Should We Add My Stepson to Our Deed?

 In Real Estate, Second Marriages, Wills
condominium joint ownership

Photo by Zaji Kanamajina on Unsplash


My husband and I are both listed on our condo. My husband recently had a cancer scare and would like to put his son on our deed. He says in case something happens to one or both of us, we are protected. I do not see the sense in this if he is listed in my husband’s will. By the way, I do not have a will.


It sounds like your husband’s son is not also your son. Adding him to the deed could solve some problems and create others. One problem with your current arrangement is that if your husband were to die before you, the condominium would then be entirely yours. If you were to die without a will, it would pass to your closest blood relatives rather than to your stepson. And, even if you had a will giving the property to your stepson, you could change your mind down the road and disinherit him. This may well be contrary to your husband’s wishes. Adding your stepson as a joint owner could prevent your disinheriting him.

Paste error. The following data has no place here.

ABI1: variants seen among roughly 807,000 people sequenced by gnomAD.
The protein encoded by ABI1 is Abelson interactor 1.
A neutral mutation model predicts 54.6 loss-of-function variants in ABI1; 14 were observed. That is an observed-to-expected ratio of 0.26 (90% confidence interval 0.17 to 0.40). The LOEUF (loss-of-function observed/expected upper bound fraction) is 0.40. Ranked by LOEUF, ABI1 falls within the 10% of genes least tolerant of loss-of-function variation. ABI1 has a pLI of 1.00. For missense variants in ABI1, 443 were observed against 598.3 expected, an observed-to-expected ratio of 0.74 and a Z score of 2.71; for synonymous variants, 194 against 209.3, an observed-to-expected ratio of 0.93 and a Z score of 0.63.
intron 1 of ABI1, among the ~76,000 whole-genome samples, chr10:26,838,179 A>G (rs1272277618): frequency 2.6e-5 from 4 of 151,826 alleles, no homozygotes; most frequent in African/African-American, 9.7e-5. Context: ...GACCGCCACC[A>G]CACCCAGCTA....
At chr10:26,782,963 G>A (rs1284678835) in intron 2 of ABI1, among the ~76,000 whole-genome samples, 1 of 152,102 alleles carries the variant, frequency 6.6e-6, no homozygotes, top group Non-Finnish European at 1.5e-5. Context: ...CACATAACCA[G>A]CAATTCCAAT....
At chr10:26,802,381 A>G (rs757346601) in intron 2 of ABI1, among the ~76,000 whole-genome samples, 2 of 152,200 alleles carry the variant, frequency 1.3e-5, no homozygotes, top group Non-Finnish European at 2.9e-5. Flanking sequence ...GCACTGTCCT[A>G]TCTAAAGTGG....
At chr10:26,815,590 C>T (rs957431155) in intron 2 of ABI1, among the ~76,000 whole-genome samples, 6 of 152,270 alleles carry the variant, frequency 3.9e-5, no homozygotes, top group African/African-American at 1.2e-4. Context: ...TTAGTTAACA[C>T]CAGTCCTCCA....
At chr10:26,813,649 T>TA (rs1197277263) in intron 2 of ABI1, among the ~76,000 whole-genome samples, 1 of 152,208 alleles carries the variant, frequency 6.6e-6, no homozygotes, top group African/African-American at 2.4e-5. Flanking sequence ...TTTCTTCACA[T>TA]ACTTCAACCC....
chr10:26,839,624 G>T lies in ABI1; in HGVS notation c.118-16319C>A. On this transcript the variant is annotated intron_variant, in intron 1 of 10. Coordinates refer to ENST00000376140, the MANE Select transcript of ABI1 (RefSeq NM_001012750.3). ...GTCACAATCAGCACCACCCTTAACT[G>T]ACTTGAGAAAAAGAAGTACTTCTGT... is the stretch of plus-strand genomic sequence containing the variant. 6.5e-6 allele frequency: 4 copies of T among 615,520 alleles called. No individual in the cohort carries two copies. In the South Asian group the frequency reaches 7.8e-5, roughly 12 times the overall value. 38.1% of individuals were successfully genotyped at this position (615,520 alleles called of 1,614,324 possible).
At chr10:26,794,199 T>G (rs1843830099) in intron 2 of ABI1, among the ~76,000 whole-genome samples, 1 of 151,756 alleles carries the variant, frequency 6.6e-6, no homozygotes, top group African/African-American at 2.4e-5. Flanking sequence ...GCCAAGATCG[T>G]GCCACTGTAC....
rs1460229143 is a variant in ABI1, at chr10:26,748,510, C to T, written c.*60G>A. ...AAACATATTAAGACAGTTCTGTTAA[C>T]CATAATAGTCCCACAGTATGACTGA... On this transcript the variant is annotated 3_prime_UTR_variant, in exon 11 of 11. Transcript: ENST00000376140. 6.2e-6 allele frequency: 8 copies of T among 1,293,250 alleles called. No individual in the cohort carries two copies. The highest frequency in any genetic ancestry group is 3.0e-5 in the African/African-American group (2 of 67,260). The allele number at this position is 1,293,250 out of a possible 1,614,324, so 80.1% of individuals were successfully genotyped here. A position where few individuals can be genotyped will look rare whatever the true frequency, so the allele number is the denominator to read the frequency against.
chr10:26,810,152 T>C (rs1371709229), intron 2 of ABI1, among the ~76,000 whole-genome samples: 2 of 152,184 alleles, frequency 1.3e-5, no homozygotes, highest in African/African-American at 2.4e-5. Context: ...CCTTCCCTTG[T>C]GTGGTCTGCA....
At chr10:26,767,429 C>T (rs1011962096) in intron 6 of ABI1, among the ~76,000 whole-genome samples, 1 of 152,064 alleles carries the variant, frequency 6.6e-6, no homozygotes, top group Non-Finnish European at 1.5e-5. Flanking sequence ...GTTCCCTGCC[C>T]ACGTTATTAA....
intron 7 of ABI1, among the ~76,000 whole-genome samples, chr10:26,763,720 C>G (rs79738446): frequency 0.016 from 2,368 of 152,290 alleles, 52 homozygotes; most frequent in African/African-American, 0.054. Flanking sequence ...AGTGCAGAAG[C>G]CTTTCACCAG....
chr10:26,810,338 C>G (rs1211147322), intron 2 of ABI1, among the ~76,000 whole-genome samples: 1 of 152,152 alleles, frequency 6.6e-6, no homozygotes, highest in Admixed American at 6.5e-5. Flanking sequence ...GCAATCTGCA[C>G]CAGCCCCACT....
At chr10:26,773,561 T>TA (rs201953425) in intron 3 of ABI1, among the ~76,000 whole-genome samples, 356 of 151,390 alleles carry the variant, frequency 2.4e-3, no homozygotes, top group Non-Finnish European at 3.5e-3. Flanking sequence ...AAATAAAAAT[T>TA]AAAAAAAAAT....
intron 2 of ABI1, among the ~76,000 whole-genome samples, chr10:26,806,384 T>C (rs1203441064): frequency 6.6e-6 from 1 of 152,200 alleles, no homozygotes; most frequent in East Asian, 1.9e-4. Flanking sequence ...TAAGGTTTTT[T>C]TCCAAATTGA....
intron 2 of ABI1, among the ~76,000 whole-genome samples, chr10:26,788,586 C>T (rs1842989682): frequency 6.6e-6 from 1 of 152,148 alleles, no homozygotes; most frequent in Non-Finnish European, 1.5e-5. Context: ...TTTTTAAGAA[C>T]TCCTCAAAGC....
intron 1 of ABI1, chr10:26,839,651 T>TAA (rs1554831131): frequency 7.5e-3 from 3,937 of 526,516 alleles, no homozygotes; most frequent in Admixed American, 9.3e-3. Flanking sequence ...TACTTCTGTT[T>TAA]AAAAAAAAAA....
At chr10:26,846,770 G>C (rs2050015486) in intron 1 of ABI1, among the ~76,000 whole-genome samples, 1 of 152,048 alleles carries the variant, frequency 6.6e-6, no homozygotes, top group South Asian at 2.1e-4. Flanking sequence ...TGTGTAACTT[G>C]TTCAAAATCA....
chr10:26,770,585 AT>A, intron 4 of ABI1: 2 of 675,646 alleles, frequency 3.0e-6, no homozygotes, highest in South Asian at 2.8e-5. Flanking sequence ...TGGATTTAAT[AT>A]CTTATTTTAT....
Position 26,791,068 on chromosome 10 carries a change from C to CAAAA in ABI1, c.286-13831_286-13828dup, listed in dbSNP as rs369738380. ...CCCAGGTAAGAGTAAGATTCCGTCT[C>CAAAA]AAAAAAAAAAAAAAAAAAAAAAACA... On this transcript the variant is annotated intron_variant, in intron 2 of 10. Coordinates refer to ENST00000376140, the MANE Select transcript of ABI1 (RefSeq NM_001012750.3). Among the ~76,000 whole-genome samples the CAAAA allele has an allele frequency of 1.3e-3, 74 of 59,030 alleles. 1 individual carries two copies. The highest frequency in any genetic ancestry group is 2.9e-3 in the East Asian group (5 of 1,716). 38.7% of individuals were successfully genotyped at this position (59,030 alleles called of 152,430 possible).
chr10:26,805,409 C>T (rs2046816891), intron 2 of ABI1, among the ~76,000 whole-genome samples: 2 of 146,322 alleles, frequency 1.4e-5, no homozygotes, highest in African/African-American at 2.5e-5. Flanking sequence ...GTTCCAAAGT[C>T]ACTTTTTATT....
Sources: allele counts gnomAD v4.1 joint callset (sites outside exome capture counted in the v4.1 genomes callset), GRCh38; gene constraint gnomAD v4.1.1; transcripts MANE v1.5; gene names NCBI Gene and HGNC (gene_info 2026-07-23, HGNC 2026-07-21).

But it could cause other problems. First, the condominium could be subject to claim if your stepson ran into financial difficulties or got divorced. Second, you might end up as joint owner with him which could present problems if you and he did not see eye-to-eye. For instance, you might want to sell the condominium and move somewhere else, in which case he either might object or demand that he receive his share of the proceeds, making the move unaffordable for you.

A trust could protect all of you, providing that the condominium will be for the use of your husband and yourself during your lives and that it will pass to your stepson when the second of you has passed away. It would give you flexibility as well. If you sold the condominium, the proceeds would remain in trust and could be used to buy a new place for you to live or pay your rent if you didn’t want to buy.

Leave a Comment

Start typing and press Enter to search